Telling the Truth

connecting the dots of my life

Category: Just for Fun

Loose ends

At loose ends with myself
Weary after a week of pain
Strangely connected to my
Healed yet still broken jaw

Struggling a bit with morning
Light now arriving so early
That my body rebels when I
Try to sing it back to sleep

Heat is piling on this week
Heavy eyelids insist on falling
Down when I want them to
Stand up and fight for me

My attic chair beckons
High above the noise of
Everyday traffic and business
As usual in these strange times

I think it’s time for another
Little catnap from the ups and
Downs of this week perhaps
With my eyes closed snoozing

What a bizarre few weeks. Sharp pains in my left front side—triggered, it seemed, by lifting items or bending over and then standing up. It made sense to me.

Wrong! My doctor says the pain is triggered by tight muscles in my upper body. It seems they’re trying to protect me from the pain of chewing anything too hard or crunchy. Along with some muscles in my face, they’ve become stiff, inflamed and painful.

As of yesterday, I began exercises that seem to invite pain. Not in huge amounts, but as much as I can tolerate. This is followed by smearing my favorite inflammation remedy (arnica cream) on my back. I’ve also signed up for clinic sessions to work on my rib cage and scapula. Though I won’t be as loose and relaxed as Smudge or his distant cousin at the top, I can’t wait to get there.

That’s all for now. Thanks for listening! The attic beckons. Life is good.

Elouise

© Elouise Renich Fraser, 27 June 2019
Photo taken by DAFraser, 6 May 2019, Longwood Gardens

Late Spring at Longwood 2019 | Photos B


Walking in the meadow is the opposite of strolling down the flower walk at Longwood. The flower walk fairly screams (in a lovely voice, of course) for you to pay attention. In the meadow the vast fields and expansive sky overwhelm everything. If you want to see what’s happening, you have to keep your eyes peeled. A good photographer helps, too! Without D’s photo above, I might have missed those three tiny blossoms.

Ditto for this unusual display:

Instead of going up through the middle of the meadow, we decided to take a longer walk to a forested area. It’s full of birch trees, has a stream flowing through it, and lower temperatures than the open meadow.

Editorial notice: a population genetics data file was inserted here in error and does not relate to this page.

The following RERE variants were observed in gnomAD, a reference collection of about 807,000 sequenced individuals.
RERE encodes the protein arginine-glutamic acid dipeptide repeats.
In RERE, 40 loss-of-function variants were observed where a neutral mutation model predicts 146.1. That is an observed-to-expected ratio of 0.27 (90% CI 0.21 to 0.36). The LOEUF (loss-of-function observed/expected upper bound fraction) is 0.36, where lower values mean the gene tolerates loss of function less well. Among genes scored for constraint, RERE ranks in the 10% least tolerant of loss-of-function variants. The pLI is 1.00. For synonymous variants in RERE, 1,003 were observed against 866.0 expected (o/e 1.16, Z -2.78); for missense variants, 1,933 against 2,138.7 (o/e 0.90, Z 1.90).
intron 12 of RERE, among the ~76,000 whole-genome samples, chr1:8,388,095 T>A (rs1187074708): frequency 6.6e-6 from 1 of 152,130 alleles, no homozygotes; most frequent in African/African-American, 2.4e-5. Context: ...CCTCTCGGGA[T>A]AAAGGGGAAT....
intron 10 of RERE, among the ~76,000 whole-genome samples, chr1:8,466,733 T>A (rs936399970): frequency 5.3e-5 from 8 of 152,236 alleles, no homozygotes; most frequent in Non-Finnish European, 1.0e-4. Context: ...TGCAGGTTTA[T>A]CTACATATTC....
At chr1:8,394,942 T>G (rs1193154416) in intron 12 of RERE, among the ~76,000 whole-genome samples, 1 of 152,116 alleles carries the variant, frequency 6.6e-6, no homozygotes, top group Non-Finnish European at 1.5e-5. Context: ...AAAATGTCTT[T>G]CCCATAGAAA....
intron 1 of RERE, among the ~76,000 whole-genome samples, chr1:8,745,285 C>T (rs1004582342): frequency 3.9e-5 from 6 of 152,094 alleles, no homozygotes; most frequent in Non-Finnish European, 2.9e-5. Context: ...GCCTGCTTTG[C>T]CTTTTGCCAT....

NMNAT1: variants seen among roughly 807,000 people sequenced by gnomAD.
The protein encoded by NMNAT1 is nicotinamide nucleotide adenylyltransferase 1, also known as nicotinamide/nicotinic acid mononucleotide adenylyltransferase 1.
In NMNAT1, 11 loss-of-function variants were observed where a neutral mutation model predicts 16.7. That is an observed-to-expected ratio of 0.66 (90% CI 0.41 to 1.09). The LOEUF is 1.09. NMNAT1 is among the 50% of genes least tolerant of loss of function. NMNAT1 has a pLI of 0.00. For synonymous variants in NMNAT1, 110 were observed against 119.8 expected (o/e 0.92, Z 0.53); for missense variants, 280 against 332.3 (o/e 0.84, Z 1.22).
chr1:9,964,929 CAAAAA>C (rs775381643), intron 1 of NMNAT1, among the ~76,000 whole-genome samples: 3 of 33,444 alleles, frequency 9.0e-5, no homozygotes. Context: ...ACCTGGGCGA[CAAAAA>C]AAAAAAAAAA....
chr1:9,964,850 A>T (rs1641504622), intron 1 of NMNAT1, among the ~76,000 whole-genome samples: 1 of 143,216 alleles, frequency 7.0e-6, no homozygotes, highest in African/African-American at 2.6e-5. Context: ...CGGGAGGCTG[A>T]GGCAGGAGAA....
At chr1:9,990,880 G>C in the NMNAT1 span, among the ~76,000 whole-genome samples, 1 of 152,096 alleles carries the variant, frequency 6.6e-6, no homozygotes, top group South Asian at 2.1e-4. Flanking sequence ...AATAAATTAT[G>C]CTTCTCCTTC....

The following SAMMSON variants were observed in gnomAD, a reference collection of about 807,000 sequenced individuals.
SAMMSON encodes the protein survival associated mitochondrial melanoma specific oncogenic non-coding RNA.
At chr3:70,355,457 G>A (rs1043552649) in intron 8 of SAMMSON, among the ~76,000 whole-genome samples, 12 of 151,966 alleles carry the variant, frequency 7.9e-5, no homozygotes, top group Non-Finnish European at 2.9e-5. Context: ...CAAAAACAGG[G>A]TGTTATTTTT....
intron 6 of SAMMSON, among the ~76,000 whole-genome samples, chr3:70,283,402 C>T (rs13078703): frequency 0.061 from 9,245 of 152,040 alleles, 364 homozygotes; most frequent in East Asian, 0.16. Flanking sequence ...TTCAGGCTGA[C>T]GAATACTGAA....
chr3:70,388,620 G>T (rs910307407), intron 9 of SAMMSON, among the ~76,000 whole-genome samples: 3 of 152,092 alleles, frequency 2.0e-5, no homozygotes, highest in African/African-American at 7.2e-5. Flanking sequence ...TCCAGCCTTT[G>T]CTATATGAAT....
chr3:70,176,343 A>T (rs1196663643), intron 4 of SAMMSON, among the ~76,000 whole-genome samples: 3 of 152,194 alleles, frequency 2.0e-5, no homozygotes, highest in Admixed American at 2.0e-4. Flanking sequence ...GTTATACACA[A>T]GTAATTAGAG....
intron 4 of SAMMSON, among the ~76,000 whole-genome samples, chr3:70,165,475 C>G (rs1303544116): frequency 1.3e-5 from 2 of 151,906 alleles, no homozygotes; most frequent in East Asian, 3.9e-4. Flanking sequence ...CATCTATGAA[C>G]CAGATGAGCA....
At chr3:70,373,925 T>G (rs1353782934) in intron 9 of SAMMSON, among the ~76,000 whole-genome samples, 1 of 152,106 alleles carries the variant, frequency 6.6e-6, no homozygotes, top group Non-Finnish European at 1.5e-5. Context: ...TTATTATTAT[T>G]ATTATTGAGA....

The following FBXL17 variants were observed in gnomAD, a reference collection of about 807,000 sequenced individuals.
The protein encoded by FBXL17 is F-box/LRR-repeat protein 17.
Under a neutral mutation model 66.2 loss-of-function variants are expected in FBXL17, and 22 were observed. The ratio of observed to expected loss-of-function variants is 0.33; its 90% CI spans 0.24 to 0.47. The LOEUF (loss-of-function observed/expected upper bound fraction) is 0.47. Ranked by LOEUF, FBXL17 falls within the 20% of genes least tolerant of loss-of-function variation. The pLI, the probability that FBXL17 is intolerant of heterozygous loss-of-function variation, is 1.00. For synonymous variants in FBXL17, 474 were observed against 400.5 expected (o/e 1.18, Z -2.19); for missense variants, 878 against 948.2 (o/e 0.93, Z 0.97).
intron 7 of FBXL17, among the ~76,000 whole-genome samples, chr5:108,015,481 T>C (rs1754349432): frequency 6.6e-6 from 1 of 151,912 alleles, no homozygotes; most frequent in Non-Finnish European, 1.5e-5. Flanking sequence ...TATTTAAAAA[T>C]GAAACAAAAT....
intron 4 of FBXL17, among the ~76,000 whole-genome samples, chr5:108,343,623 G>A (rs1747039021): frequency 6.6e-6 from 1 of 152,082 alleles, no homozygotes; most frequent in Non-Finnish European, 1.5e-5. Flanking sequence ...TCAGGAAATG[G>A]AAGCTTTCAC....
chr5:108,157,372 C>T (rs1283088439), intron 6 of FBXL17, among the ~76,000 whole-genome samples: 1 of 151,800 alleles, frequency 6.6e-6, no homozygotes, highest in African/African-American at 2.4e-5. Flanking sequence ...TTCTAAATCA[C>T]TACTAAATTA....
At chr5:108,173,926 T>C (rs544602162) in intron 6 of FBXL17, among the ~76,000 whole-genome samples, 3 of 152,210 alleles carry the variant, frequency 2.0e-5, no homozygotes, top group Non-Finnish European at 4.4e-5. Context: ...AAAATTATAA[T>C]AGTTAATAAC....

The first photo below features a lovely grassy path. The second is an old farm house converted into an historical museum about this land and its uses over the years. We didn’t walk that far this time. If you visit Longwood, a small tram makes regular trips back and forth to the museum. It’s well worth a visit. Air conditioned, with restrooms.

As we descend toward the birch tree forest, the path looks a bit like a washed out gulley. Even so, the little butterfly didn’t mind! I think it’s a Painted Lady. In the third photo we’re in the wooded area, standing on a small bridge, looking down at mud and debris left over from spring rains.




Below are twisted roots of a tree just beside the creek. They’ve ventured into the water. In the second photo, taken from the opposite side of the bridge, water is flowing downhill over rock formations. Though you can’t see them, hungry mosquitoes are in feast mode! We didn’t linger.

We passed numerous bird houses, with or without roof-top gardens; some with occupants. The two birds below are swallows.

At the top of the meadow this bee hotel had already hatched most of its occupants. A nearby sign explained all.


The meadow has several shaded places to sit down and rest a bit, some fancier than others. Here’s my favorite top-of-the-meadow resting spot. We’re beneath large old shade trees, looking out at the view.



Here are examples of what we saw on the way downhill to the formal gardens, plus a look back at the museum on the far side of the meadow. Don’t miss that juicy grub in the first photo!